Robert Trujillo

Robert Trujillo (/trˈhj/ troo-HEE-yoh, Spanish: [roˈβeɾto tɾuˈxiʎo]; born October 23, 1964)[1] is an American musician and songwriter who is the bassist for American heavy metal band Metallica. He first rose to prominence as the bassist of crossover thrash band Suicidal Tendencies from 1989 to 1995, while also collaborating with Suicidal Tendencies frontman Mike Muir for funk metal supergroup Infectious Grooves. After leaving Suicidal Tendencies, he performed with Ozzy Osbourne, Jerry Cantrell, and heavy metal band Black Label Society. Trujillo joined Metallica in 2003 and is the band's longest-serving bassist after passing Jason Newsted in 2018, though Metallica has released more albums featuring Newsted. He was inducted to the Rock and Roll Hall of Fame as a member of Metallica in 2009.

Robert Trujillo
Trujillo performing with Metallica in 2017
Trujillo performing with Metallica in 2017
Background information
Born (1964-10-23) October 23, 1964 (age 56)
Santa Monica, California, U.S.
Genres
Occupation(s)
  • Musician
  • songwriter
InstrumentsBass
Years active1978–present
Labels
Associated acts
Websitemetallica.com

Life and careerEdit

Early lifeEdit

Trujillo was born in Santa Monica, California, on October 23, 1964. He is of Mexican and Native American descent.[2][3] He grew up in Culver City, California,[4] where his father was a teacher at Culver City High School.[citation needed] Trujillo gained an interest in music during his childhood; his mother was a huge fan of Motown, particularly musicians like Marvin Gaye, James Brown, and Sly and the Family Stone.[4] Trujillo stated that "Jaco [Pastorius] was my hero growing up", and that the iconic jazz bassist changed his view of what the instrument could play: "Hearing him was like hearing Eddie Van Halen doing "Eruption" for the first time: You thought, 'What instrument is that?' I loved jazz fusion and branched out from there. But Jaco had an edge that far exceeded his jazz persona. He was funk, he was rock, he was soul. And his whole attitude was punk."[5] He began playing in "a lot of backyard party bands", playing music by Black Sabbath, Ozzy Osbourne, Rush, and Led Zeppelin.[4] He went to jazz school when he was 19 with the intention of becoming a studio musician, but he maintained his passion for rock and metal.[4]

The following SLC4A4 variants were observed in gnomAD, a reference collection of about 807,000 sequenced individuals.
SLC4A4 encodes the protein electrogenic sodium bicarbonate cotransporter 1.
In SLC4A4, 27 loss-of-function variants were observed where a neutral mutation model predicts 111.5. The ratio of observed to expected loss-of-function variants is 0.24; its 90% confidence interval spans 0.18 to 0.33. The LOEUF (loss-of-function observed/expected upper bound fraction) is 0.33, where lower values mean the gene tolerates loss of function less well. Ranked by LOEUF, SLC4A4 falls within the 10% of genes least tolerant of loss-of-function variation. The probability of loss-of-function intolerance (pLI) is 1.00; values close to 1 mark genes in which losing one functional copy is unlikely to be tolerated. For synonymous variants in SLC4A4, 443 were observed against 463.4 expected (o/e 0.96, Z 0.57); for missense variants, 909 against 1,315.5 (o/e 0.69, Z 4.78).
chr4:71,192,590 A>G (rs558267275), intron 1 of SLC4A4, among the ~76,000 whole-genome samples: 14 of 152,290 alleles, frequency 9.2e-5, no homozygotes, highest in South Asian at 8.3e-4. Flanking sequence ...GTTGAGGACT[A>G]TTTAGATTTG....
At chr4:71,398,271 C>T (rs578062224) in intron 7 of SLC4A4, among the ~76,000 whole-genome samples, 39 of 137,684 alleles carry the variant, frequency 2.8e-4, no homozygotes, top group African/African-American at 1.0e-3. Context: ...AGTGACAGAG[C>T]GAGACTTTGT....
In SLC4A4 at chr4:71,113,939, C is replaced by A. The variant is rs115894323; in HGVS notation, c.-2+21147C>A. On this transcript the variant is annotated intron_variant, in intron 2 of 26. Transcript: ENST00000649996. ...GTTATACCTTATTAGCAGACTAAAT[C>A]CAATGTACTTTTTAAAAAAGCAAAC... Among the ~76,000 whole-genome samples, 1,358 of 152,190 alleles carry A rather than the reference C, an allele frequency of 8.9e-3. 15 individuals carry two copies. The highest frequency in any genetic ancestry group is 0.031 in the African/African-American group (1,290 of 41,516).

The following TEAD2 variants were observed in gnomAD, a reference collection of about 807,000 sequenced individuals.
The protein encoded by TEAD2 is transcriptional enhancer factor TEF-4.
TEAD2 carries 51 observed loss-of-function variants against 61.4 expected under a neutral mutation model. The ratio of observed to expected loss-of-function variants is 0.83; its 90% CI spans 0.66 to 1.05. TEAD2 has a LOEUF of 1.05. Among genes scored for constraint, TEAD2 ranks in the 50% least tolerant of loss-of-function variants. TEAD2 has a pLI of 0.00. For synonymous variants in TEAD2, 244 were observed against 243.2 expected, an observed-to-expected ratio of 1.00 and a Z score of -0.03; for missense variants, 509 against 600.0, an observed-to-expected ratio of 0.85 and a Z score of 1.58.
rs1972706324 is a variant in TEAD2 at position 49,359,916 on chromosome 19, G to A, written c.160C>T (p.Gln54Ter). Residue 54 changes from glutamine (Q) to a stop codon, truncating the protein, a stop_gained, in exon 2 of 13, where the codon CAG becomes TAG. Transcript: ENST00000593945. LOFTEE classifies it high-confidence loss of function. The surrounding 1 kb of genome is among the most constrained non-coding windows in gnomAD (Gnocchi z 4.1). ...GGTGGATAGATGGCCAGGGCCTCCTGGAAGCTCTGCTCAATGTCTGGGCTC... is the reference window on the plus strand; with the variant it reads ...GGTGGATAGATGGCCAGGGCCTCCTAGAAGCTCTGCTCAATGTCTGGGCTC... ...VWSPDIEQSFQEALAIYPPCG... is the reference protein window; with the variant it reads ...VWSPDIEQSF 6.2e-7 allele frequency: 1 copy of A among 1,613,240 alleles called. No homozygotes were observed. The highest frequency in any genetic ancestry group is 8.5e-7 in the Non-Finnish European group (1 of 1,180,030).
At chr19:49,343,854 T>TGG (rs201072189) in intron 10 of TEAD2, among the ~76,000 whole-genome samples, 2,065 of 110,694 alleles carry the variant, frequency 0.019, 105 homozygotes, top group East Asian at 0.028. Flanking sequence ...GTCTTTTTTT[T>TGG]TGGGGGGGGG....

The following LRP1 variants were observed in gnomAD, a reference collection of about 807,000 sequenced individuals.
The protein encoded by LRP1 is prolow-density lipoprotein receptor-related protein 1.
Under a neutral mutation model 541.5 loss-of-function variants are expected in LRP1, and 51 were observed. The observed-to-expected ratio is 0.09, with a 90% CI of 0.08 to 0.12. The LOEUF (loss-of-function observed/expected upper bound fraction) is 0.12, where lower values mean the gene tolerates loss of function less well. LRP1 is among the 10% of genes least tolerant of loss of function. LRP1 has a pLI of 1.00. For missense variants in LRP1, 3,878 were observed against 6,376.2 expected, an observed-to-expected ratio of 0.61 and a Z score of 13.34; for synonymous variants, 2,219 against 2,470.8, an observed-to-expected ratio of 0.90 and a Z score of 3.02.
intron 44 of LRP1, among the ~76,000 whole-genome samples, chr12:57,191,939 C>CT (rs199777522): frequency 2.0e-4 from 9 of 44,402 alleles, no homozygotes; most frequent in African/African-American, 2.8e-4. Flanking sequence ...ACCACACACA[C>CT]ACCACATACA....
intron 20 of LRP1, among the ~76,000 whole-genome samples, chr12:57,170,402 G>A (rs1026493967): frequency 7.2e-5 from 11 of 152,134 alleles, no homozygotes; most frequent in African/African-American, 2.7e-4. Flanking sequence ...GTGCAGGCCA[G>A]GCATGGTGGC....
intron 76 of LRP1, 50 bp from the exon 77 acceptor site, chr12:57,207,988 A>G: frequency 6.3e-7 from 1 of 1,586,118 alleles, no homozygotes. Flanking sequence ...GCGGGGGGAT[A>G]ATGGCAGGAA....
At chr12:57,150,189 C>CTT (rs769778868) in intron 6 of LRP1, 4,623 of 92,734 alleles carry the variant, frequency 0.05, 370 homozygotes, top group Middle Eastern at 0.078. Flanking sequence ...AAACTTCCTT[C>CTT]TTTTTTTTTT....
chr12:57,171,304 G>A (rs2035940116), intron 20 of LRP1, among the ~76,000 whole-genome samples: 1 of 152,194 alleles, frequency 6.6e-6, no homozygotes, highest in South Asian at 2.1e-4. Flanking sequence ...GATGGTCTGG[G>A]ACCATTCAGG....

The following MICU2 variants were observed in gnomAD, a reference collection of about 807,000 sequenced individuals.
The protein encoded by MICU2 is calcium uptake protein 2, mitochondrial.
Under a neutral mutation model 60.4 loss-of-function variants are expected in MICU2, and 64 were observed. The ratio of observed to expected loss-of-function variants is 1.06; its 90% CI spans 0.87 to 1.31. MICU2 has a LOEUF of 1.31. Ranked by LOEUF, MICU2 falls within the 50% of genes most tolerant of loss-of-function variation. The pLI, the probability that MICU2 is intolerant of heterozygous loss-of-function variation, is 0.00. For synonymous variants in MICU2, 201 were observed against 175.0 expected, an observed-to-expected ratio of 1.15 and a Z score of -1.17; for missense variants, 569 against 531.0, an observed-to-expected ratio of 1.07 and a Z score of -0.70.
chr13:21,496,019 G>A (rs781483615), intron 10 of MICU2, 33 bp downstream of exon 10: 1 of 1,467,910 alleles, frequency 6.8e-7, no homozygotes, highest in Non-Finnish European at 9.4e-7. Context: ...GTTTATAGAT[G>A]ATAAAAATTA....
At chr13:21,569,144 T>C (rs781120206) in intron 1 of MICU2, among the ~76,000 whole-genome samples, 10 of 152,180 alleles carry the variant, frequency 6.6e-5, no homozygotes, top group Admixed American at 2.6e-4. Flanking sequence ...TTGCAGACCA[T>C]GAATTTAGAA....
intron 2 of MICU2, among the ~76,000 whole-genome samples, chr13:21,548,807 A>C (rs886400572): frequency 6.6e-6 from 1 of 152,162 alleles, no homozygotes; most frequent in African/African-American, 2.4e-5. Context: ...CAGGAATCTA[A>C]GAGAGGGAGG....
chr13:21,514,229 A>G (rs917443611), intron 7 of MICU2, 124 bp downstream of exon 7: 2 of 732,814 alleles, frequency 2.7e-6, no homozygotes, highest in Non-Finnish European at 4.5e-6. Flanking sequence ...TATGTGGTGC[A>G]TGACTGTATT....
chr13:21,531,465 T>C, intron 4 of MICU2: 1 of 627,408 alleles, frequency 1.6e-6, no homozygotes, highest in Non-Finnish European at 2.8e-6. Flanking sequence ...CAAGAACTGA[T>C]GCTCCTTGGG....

CareerEdit

 
Trujillo performing in the O2 Arena in London, 2008

Trujillo gained prominence when he replaced Bob Heathcote as the bassist for California crossover thrash band Suicidal Tendencies. Initially billed as "Stymee" on the 1989 album Controlled by Hatred/Feel Like Shit...Déjà Vu, Trujillo remained in the band until the mid-1990s. Concurrent to his work with Suicidal Tendencies, Trujillo was a member of the band's side project, Infectious Grooves, along with vocalist Mike Muir.

Trujillo was a member of Ozzy Osbourne's band for a number of years starting in the late 1990s. In contrast to his earlier jazz and funk inspired playing, Osbourne's band was more straightforward to hard rock and metal.[6] Trujillo co-wrote several songs on the Down to Earth album.[6] He was the subject of controversy for re-recording Bob Daisley's bass tracks for reissued versions of Osbourne's first two solo albums Blizzard of Ozz (1980) and Diary of a Madman (1981) after Daisley claimed that he was not paid proper royalties.[7] During this time, Trujillo formed an experimental supergroup, Mass Mental, with then Dub War singer Benji Webbe, whose "ragga-punk-metal" outfit had just disbanded. The band released one studio album in Japan and one live album of their performance in Tokyo before disbanding.[8] Zakk Wylde, a personal friend and bandmate from the Ozzy days, recruited him to play with Black Label Society for a few shows.

Trujillo joined Metallica on February 24, 2003, two years after Jason Newsted resigned. He had previously met and befriended his future bandmates when Suicidal Tendencies supported Metallica during the Nowhere Else to Roam tour in 1993, and again during the Shit Hits the Sheds Tour one year later. Trujillo received one million dollars from the band as an advance for joining Metallica. His audition and hiring as well as his million dollar payment offer appeared in the documentary film Metallica: Some Kind of Monster. As the current bassist for Metallica, he was inducted into the Rock and Roll Hall of Fame alongside all current members of the band, as well as previous bassists Jason Newsted and Cliff Burton.

Personal lifeEdit